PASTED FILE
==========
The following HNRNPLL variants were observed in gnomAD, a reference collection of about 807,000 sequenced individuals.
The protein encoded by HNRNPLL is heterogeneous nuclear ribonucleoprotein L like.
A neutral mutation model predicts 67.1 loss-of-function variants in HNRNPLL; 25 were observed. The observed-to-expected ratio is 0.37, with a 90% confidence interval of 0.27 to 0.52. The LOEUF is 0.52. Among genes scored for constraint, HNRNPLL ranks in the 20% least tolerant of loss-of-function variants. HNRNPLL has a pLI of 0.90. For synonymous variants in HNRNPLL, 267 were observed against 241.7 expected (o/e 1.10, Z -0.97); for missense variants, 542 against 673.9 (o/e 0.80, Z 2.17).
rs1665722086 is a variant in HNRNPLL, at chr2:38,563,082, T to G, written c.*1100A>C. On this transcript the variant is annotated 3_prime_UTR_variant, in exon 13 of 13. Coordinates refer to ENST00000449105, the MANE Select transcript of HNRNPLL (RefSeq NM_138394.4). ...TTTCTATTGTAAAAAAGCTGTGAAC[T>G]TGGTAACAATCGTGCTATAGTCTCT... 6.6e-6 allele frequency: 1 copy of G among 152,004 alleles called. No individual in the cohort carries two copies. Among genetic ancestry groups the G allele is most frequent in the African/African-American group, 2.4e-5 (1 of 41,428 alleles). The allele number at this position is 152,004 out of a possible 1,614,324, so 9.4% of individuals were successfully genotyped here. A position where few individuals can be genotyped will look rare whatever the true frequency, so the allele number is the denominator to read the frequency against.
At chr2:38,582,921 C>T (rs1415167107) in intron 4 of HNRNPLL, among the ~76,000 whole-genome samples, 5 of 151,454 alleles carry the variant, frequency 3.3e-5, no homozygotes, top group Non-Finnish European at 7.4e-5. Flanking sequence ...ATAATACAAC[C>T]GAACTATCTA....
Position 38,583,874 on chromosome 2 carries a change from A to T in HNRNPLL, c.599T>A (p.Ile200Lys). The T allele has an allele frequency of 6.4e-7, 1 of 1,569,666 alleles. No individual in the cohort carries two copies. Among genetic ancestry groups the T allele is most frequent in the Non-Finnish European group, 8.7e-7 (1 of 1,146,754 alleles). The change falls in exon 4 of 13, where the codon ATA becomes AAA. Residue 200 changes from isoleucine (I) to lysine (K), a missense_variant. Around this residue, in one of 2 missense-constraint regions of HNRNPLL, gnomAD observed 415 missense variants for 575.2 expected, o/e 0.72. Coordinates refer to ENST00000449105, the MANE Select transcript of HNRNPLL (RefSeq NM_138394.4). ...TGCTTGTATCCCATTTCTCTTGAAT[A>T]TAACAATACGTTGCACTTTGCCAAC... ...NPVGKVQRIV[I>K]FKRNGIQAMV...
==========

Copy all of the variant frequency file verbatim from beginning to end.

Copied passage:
The following HNRNPLL variants were observed in gnomAD, a reference collection of about 807,000 sequenced individuals.
The protein encoded by HNRNPLL is heterogeneous nuclear ribonucleoprotein L like.
A neutral mutation model predicts 67.1 loss-of-function variants in HNRNPLL; 25 were observed. The observed-to-expected ratio is 0.37, with a 90% confidence interval of 0.27 to 0.52. The LOEUF is 0.52. Among genes scored for constraint, HNRNPLL ranks in the 20% least tolerant of loss-of-function variants. HNRNPLL has a pLI of 0.90. For synonymous variants in HNRNPLL, 267 were observed against 241.7 expected (o/e 1.10, Z -0.97); for missense variants, 542 against 673.9 (o/e 0.80, Z 2.17).
rs1665722086 is a variant in HNRNPLL, at chr2:38,563,082, T to G, written c.*1100A>C. On this transcript the variant is annotated 3_prime_UTR_variant, in exon 13 of 13. Coordinates refer to ENST00000449105, the MANE Select transcript of HNRNPLL (RefSeq NM_138394.4). ...TTTCTATTGTAAAAAAGCTGTGAAC[T>G]TGGTAACAATCGTGCTATAGTCTCT... 6.6e-6 allele frequency: 1 copy of G among 152,004 alleles called. No individual in the cohort carries two copies. Among genetic ancestry groups the G allele is most frequent in the African/African-American group, 2.4e-5 (1 of 41,428 alleles). The allele number at this position is 152,004 out of a possible 1,614,324, so 9.4% of individuals were successfully genotyped here. A position where few individuals can be genotyped will look rare whatever the true frequency, so the allele number is the denominator to read the frequency against.
At chr2:38,582,921 C>T (rs1415167107) in intron 4 of HNRNPLL, among the ~76,000 whole-genome samples, 5 of 151,454 alleles carry the variant, frequency 3.3e-5, no homozygotes, top group Non-Finnish European at 7.4e-5. Flanking sequence ...ATAATACAAC[C>T]GAACTATCTA....
Position 38,583,874 on chromosome 2 carries a change from A to T in HNRNPLL, c.599T>A (p.Ile200Lys). The T allele has an allele frequency of 6.4e-7, 1 of 1,569,666 alleles. No individual in the cohort carries two copies. Among genetic ancestry groups the T allele is most frequent in the Non-Finnish European group, 8.7e-7 (1 of 1,146,754 alleles). The change falls in exon 4 of 13, where the codon ATA becomes AAA. Residue 200 changes from isoleucine (I) to lysine (K), a missense_variant. Around this residue, in one of 2 missense-constraint regions of HNRNPLL, gnomAD observed 415 missense variants for 575.2 expected, o/e 0.72. Coordinates refer to ENST00000449105, the MANE Select transcript of HNRNPLL (RefSeq NM_138394.4). ...TGCTTGTATCCCATTTCTCTTGAAT[A>T]TAACAATACGTTGCACTTTGCCAAC... ...NPVGKVQRIV[I>K]FKRNGIQAMV...